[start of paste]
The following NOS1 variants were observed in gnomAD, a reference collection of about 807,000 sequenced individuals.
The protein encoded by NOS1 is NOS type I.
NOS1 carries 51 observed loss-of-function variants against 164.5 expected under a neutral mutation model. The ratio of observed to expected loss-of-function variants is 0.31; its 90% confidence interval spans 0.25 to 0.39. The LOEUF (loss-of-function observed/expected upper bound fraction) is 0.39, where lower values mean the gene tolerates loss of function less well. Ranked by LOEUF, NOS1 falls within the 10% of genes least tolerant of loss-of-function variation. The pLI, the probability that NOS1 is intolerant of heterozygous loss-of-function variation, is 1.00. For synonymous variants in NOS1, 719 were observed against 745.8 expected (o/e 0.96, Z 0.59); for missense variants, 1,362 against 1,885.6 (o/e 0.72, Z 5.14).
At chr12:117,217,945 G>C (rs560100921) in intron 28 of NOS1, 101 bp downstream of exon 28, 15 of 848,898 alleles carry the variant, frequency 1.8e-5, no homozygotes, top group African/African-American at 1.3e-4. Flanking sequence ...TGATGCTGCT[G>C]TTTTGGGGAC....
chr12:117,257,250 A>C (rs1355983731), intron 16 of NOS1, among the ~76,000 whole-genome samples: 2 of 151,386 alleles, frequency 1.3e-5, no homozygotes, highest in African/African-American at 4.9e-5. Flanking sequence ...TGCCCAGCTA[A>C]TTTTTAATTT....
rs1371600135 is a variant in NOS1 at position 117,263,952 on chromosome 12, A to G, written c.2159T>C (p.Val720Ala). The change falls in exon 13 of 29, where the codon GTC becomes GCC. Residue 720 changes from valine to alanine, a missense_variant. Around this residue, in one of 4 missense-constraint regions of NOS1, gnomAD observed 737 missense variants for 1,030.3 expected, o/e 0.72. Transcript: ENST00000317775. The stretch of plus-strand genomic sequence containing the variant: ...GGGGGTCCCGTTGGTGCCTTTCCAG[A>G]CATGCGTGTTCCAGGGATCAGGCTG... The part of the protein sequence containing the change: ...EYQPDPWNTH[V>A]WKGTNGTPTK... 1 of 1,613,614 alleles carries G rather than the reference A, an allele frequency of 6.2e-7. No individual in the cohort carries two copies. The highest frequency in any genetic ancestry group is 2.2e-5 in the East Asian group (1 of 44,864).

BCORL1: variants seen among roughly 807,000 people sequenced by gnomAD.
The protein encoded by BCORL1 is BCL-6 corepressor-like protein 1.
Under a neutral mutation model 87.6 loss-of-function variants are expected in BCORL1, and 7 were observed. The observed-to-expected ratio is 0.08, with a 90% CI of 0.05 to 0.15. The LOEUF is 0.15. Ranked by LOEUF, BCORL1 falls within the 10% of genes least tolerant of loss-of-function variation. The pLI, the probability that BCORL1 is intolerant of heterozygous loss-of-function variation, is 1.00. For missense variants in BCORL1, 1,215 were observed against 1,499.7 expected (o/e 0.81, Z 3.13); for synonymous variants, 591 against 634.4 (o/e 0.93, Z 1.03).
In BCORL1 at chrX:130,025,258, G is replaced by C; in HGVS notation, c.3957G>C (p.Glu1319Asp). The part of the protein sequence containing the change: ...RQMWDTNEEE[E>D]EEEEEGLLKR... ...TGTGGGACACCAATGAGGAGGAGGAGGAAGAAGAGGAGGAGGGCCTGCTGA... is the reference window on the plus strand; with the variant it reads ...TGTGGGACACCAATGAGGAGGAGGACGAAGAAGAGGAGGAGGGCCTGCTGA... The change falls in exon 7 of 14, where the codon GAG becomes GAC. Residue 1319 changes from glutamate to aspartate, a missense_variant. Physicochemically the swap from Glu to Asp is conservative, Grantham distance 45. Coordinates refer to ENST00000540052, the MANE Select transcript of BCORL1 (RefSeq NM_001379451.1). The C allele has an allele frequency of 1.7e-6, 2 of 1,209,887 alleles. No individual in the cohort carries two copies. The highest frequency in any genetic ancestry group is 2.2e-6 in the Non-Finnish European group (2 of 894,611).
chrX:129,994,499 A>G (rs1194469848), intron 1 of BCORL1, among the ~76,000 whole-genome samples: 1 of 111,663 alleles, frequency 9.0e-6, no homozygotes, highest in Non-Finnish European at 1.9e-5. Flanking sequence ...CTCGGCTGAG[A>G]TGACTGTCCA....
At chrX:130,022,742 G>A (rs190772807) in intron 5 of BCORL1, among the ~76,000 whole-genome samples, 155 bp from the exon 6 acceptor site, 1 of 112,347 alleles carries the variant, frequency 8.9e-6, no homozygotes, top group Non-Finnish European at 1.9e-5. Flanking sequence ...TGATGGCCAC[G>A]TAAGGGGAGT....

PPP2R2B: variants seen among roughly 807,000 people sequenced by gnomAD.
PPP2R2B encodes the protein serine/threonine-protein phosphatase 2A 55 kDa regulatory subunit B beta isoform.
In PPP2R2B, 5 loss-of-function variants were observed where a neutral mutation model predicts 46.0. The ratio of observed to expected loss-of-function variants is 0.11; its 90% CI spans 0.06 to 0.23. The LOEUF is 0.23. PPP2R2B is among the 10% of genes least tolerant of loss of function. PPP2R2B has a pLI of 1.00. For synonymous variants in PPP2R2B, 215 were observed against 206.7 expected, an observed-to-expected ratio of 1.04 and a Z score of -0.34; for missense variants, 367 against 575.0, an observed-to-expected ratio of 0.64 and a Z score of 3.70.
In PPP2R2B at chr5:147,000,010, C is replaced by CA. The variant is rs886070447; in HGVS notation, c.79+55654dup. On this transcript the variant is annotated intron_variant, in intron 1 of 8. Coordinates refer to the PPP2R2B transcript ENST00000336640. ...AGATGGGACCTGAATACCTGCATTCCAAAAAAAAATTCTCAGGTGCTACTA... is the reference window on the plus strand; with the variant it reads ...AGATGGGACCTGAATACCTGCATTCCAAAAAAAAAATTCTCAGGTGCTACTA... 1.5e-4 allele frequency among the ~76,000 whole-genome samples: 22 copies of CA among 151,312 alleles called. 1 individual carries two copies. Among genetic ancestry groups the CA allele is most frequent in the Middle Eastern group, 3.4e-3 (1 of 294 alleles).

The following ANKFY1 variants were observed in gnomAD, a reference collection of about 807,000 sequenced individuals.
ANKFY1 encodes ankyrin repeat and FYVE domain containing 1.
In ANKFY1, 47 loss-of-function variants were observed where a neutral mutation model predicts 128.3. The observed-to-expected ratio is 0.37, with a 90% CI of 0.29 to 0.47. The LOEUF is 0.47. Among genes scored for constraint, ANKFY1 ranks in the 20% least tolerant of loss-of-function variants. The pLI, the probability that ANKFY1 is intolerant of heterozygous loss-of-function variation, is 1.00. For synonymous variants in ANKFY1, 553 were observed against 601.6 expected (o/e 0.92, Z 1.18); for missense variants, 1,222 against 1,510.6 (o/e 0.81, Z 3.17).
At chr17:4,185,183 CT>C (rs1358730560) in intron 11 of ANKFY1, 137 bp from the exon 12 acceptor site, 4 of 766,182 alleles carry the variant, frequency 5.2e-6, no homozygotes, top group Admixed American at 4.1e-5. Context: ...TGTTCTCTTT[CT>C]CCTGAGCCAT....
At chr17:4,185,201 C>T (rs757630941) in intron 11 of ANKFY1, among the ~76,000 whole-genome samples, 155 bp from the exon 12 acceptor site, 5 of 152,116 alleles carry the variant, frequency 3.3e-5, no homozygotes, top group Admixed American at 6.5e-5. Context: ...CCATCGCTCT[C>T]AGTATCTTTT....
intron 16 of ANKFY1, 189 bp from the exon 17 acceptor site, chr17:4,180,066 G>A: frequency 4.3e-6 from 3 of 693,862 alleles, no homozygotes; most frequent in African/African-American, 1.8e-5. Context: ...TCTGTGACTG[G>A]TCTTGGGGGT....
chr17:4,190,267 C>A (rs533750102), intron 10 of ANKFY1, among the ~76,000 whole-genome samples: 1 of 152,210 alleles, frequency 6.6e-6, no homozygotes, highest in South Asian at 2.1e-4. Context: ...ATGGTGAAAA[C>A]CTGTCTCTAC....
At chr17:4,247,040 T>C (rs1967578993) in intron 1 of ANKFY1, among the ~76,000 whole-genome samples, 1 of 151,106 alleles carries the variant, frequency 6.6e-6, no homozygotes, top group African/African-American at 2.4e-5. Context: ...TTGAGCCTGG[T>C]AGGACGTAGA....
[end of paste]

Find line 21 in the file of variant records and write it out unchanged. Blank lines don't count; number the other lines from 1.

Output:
At chr17:4,185,201 C>T (rs757630941) in intron 11 of ANKFY1, among the ~76,000 whole-genome samples, 155 bp from the exon 12 acceptor site, 5 of 152,116 alleles carry the variant, frequency 3.3e-5, no homozygotes, top group Admixed American at 6.5e-5. Context: ...CCATCGCTCT[C>T]AGTATCTTTT....